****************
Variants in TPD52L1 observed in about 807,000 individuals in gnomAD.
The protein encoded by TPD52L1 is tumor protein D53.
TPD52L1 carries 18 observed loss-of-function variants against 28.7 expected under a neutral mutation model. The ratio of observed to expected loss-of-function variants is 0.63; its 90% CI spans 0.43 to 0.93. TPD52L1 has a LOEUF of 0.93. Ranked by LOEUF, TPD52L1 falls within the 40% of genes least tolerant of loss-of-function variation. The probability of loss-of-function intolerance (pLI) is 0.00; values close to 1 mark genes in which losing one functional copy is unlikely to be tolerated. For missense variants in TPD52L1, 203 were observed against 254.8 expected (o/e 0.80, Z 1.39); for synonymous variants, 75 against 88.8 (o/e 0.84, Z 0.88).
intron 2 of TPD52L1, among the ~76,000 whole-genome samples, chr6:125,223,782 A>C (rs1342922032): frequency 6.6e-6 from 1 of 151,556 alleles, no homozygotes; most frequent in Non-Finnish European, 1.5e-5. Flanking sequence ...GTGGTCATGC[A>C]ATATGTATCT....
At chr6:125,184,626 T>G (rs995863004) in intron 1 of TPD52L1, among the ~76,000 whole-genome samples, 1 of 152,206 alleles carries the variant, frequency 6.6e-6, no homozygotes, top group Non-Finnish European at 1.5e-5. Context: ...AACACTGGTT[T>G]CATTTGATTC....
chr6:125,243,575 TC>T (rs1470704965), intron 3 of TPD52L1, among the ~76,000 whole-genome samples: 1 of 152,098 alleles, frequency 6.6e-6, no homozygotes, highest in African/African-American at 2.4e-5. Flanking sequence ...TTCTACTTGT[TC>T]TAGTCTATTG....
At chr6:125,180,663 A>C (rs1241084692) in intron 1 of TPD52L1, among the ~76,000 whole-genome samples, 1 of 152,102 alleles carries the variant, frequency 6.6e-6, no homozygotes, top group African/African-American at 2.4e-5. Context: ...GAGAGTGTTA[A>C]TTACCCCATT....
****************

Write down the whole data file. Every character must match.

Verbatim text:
Variants in TPD52L1 observed in about 807,000 individuals in gnomAD.
The protein encoded by TPD52L1 is tumor protein D53.
TPD52L1 carries 18 observed loss-of-function variants against 28.7 expected under a neutral mutation model. The ratio of observed to expected loss-of-function variants is 0.63; its 90% CI spans 0.43 to 0.93. TPD52L1 has a LOEUF of 0.93. Ranked by LOEUF, TPD52L1 falls within the 40% of genes least tolerant of loss-of-function variation. The probability of loss-of-function intolerance (pLI) is 0.00; values close to 1 mark genes in which losing one functional copy is unlikely to be tolerated. For missense variants in TPD52L1, 203 were observed against 254.8 expected (o/e 0.80, Z 1.39); for synonymous variants, 75 against 88.8 (o/e 0.84, Z 0.88).
intron 2 of TPD52L1, among the ~76,000 whole-genome samples, chr6:125,223,782 A>C (rs1342922032): frequency 6.6e-6 from 1 of 151,556 alleles, no homozygotes; most frequent in Non-Finnish European, 1.5e-5. Flanking sequence ...GTGGTCATGC[A>C]ATATGTATCT....
At chr6:125,184,626 T>G (rs995863004) in intron 1 of TPD52L1, among the ~76,000 whole-genome samples, 1 of 152,206 alleles carries the variant, frequency 6.6e-6, no homozygotes, top group Non-Finnish European at 1.5e-5. Context: ...AACACTGGTT[T>G]CATTTGATTC....
chr6:125,243,575 TC>T (rs1470704965), intron 3 of TPD52L1, among the ~76,000 whole-genome samples: 1 of 152,098 alleles, frequency 6.6e-6, no homozygotes, highest in African/African-American at 2.4e-5. Flanking sequence ...TTCTACTTGT[TC>T]TAGTCTATTG....
At chr6:125,180,663 A>C (rs1241084692) in intron 1 of TPD52L1, among the ~76,000 whole-genome samples, 1 of 152,102 alleles carries the variant, frequency 6.6e-6, no homozygotes, top group African/African-American at 2.4e-5. Context: ...GAGAGTGTTA[A>C]TTACCCCATT....